Monthly Archives: August 2015

Power BI Help for Excel

August 31, 2015

by David Hager

Power Pivot and Power Query add-ins for Excel have revolutionized the way business intelligence can be done. Further, Microsoft has put a lot of effort into providing extensive online documentation for both of these BI tools. However, there is no direct connection between the add-ins and the online help files. There is a help icon on the Power Query ribbon but in my experience the link is always broken. Wouldn’t it be great if you could access Microsoft’s online documentation for Power Pivot and Power Query directly from within Excel?

The Solution!

Available here is the Power BI Help for Excel file. When you open it in Excel, the custom ribbon displays two buttons: one for DAX functions help and one for Power Query functions help. An userform is displayed which allows you to select the desired function category from a list. This action populates the functions in that category in another list. When one of the functions is selected, the desired Microsoft help documentation for that function is shown. Then, you can either read or print the web page. Please note that the help information available to be viewed is current to the creation date of this file. Any deletions/additions by Microsoft of these functions will not be automatically updated for this file. Further, any changes to the URLs to this online information by Microsoft will break the application. I hope that this will be beneficial to you in your Power BI learning curve.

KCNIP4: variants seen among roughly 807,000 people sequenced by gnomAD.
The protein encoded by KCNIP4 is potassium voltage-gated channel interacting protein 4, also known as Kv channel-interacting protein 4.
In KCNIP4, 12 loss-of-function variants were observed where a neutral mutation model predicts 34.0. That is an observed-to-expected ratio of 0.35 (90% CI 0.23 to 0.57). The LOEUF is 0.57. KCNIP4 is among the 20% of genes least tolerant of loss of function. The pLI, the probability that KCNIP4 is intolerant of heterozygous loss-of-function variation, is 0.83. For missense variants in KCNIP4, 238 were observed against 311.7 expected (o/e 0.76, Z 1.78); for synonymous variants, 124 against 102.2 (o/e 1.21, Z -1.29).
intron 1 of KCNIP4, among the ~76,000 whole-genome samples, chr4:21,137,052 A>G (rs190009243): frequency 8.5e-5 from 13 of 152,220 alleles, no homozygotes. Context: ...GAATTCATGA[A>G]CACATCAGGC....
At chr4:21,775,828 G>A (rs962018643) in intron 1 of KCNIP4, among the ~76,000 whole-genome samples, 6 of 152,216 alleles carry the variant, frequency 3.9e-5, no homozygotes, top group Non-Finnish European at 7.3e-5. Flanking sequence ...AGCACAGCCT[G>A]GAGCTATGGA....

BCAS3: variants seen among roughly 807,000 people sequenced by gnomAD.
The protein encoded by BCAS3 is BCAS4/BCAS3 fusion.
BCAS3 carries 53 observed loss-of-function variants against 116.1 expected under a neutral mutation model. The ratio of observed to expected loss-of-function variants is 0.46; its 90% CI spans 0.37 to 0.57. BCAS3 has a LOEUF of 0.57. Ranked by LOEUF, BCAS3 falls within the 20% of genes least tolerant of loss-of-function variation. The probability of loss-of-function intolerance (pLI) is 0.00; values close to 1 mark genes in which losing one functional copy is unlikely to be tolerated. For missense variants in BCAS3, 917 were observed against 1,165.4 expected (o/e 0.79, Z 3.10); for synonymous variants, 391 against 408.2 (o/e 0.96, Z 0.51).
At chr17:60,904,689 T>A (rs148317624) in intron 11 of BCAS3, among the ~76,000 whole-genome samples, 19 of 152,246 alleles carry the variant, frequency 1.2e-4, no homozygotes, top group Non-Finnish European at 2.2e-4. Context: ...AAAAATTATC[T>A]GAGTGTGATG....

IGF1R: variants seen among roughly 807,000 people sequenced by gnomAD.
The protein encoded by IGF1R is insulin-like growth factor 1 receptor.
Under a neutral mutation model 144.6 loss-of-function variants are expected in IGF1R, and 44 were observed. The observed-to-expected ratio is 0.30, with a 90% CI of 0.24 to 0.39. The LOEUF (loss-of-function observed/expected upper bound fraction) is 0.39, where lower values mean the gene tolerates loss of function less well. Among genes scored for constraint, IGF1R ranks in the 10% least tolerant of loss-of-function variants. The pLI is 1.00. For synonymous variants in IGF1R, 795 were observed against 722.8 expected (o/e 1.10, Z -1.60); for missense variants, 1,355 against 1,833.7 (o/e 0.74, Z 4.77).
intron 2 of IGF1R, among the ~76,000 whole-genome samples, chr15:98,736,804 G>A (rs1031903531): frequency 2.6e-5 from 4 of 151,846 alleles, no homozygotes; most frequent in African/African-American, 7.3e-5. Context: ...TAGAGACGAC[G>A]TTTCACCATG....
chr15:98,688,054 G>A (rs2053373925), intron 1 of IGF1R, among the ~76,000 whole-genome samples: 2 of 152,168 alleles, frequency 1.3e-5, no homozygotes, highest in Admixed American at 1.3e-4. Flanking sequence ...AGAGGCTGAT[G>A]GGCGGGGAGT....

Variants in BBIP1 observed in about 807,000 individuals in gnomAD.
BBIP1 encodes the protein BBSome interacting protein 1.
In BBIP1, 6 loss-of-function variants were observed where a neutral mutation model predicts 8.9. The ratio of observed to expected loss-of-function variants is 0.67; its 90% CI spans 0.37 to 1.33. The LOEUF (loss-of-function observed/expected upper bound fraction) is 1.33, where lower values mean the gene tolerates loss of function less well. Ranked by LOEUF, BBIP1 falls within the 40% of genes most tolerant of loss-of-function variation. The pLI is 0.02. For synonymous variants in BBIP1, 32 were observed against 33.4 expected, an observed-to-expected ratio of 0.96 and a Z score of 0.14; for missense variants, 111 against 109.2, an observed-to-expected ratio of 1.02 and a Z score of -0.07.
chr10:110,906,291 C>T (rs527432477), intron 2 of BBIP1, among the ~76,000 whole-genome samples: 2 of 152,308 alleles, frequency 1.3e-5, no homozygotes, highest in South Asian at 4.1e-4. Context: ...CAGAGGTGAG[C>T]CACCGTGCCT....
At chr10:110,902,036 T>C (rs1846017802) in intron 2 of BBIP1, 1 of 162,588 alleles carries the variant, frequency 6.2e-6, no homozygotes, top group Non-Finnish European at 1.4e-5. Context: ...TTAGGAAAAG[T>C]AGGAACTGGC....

IMPORTANT NOTE: DO NOT TRY TO OPEN FROM THE LINK BELOW. Instead, save it to your computer. Then, in Windows Explorer, change the file extension from .xlsx to .xls. After this action, you can open it normally in Excel.

Power BI Help for Excel

Measuring Distance in Power BI Desktop

Among the many new BI features introduced with the recent release of the free version of the Microsoft Power BI desktop is the “new” trigonometric DAX functions such as SIN and COS. Of course, these functions have been around forever in Excel, but for some reason were not included in the first two major releases of Power Pivot. So, now they are available to the DAX language (and also in Excel 2016, if you have a spare computer handy to use in the preview version), and as such can be used to calculate straight-line distances between two points on the Earth as defined by their latitude and longitude coordinates. Also, in the formula, the constant PI()/180 is required a number of times, so the implementation of the new DAX variable comes in very handy here. In Power BI, if you add a new measure named PI_D180 as equal to PI()/180 (0.0174532925199433), you can use that measure in your DAX formula for distance, as shown below.

Distance = ACOS(SIN(Distance[Latitude_1]*[PI_DIV180])*SIN(Distance[Latitude_2]*[PI_DIV180])+COS(Distance[Latitude_1]*[PI_DIV180])*COS(Distance[Latitude_2]*[PI_DIV180])*COS((Distance[Longitude_2]*[PI_DIV180])-(Distance[Longitude_1]*[PI_DIV180])))*3959


Hope that you find this useful!